'We need to be courageous in trying new things'

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Medibank's head of healthcare and strategy Dr Andrew Wilson says a health system designed around the patient and their family would see more offered the opportunity to receive care in the home.

Dr Wilson said this requires an "appetite for change" from both patients and provider to move away from the traditional 'bricks and mortar' approach.

"Consumers have an appetite for change, but providers need greater incentives from funders – be that governments or private health insurers – to run healthcare in a way that puts patient needs first," said Dr Wilson.

He said Medibank has a clear strategy to deliver differentiated products and services for its customers.

In his recent presentation to the Morgan Stanley Private Healthcare Forum, Dr Wilson highlighted how the company is investing in strategic partnerships and businesses that will enable it to give customers more choice in how and where their care is delivered.

"By the end of last year, we were providing 384 virtual hospital beds each day, delivering care and support across Australia. More than 8,600 patients used one of our Medibank at Home in-home care programs or another of our pilot care programs in FY20," said Dr Wilson.

"We will continue to focus on partnerships with providers and clinicians; this is crucial. Both Medibank’s short-stay program and partnership with Calvary to jointly deliver My Home Hospital for the South Australian Government demonstrates our willingness to work in partnership with like-minded providers, and we will continue to take this approach."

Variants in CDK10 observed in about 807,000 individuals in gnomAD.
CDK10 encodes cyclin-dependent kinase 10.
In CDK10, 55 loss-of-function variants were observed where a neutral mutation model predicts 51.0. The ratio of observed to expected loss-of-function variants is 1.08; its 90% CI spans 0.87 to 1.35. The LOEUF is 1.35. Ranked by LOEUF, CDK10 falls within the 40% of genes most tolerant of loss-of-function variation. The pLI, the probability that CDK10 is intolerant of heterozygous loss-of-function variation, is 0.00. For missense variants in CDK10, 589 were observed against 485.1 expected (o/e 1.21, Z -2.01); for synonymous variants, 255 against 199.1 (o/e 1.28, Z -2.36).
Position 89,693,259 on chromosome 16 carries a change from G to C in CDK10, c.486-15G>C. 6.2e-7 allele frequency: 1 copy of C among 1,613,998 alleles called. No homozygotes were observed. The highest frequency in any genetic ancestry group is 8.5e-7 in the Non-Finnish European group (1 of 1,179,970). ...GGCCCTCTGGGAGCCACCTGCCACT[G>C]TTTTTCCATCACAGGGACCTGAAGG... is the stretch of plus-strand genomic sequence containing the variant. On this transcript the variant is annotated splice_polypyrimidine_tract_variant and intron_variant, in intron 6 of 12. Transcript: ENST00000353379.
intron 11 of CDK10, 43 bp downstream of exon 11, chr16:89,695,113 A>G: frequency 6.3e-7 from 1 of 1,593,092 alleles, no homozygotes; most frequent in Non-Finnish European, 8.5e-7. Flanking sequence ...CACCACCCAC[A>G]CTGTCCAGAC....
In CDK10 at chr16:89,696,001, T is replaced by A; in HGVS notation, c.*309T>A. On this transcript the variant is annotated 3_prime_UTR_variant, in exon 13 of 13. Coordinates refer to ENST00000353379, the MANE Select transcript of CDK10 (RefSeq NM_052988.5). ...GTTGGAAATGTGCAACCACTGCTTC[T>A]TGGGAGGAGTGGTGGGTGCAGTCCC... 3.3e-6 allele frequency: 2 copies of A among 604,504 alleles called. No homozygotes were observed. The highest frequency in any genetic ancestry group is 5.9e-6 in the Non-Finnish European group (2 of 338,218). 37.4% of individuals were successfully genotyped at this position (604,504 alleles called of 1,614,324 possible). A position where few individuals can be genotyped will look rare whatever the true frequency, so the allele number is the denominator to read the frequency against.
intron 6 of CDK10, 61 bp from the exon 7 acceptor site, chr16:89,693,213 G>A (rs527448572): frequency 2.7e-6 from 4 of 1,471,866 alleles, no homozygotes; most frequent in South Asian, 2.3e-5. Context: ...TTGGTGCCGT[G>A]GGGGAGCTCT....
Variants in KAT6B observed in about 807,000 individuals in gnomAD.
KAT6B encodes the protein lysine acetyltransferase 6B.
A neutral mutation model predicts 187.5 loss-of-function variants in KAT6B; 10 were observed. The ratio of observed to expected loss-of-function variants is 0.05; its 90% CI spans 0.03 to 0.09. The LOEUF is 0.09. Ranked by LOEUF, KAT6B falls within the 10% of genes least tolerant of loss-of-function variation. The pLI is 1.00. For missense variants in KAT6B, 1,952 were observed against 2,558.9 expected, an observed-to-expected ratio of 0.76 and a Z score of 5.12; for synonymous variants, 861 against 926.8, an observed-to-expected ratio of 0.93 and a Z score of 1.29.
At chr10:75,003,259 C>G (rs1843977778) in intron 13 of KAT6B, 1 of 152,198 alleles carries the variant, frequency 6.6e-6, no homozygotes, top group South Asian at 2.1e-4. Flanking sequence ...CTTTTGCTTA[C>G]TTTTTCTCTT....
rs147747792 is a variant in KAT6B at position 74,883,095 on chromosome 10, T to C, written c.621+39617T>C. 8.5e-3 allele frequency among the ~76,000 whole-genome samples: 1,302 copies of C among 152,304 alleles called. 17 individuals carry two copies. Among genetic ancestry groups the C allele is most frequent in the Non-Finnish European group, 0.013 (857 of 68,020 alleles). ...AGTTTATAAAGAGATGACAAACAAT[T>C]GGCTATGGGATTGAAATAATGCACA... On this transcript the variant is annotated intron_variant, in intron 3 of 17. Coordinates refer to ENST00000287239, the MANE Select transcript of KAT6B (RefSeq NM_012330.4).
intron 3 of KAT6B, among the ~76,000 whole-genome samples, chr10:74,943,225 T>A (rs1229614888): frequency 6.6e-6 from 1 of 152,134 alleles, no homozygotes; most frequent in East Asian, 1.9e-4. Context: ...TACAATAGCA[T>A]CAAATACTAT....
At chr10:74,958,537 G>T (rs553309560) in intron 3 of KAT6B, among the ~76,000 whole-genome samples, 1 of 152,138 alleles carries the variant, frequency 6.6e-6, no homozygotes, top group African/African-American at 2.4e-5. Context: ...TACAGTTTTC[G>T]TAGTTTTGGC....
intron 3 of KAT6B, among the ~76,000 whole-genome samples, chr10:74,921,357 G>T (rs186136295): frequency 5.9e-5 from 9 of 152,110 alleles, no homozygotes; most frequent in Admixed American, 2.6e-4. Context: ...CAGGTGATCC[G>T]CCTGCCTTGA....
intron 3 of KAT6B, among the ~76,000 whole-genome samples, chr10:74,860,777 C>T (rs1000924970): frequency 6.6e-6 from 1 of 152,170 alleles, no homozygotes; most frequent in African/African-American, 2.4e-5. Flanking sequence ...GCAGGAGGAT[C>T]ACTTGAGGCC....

"We need to be courageous in trying new things," continued Dr Wilson.

"There is scope to be bolder but innovation should be designed through a patient and provider lens. It’s vital that it is done safely, in line with clinical best practice and evidence, and delivers an optimal experience for patients and those that care for them.

"We are taking a long-term perspective to the complex challenges of declining overall health in the population, and increasing reliance on acute care. Even prior to COVID there was a need for change in healthcare in Australia.

"Affordability of private health insurance is a challenge, with premiums driven by health costs that are growing beyond CPI or wage growth. This is not sustainable for either the private or public system. The recognition of the need for long-term sustainability should be the greatest spur to innovation in healthcare in Australia," added Dr Wilson